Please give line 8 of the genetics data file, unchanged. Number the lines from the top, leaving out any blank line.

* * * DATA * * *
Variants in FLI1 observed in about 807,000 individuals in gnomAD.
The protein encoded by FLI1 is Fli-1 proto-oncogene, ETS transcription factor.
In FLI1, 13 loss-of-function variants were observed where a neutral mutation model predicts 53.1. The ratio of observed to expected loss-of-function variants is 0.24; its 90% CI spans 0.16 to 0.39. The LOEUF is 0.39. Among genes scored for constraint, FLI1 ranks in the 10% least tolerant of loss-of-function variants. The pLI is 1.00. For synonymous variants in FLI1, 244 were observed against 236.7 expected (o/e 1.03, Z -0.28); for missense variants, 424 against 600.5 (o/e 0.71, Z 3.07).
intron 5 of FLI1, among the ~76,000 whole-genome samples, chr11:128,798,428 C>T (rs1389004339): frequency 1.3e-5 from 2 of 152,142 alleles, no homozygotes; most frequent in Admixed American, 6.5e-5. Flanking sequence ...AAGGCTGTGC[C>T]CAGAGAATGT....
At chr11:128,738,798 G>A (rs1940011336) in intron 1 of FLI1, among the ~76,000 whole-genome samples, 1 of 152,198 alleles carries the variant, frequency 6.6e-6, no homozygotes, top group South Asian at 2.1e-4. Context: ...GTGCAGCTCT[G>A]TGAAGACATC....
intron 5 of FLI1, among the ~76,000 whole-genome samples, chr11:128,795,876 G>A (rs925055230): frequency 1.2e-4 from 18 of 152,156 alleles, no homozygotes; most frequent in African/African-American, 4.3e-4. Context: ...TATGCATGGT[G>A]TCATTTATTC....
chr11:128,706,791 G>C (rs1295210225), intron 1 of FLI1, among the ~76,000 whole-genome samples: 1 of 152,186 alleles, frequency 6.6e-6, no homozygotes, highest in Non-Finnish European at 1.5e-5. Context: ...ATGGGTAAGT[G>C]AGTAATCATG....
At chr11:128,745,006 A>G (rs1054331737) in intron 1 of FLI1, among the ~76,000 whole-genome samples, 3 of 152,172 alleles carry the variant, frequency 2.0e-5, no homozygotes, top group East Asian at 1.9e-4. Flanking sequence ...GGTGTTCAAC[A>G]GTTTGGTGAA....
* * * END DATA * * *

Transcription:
At chr11:128,745,006 A>G (rs1054331737) in intron 1 of FLI1, among the ~76,000 whole-genome samples, 3 of 152,172 alleles carry the variant, frequency 2.0e-5, no homozygotes, top group East Asian at 1.9e-4. Flanking sequence ...GGTGTTCAAC[A>G]GTTTGGTGAA....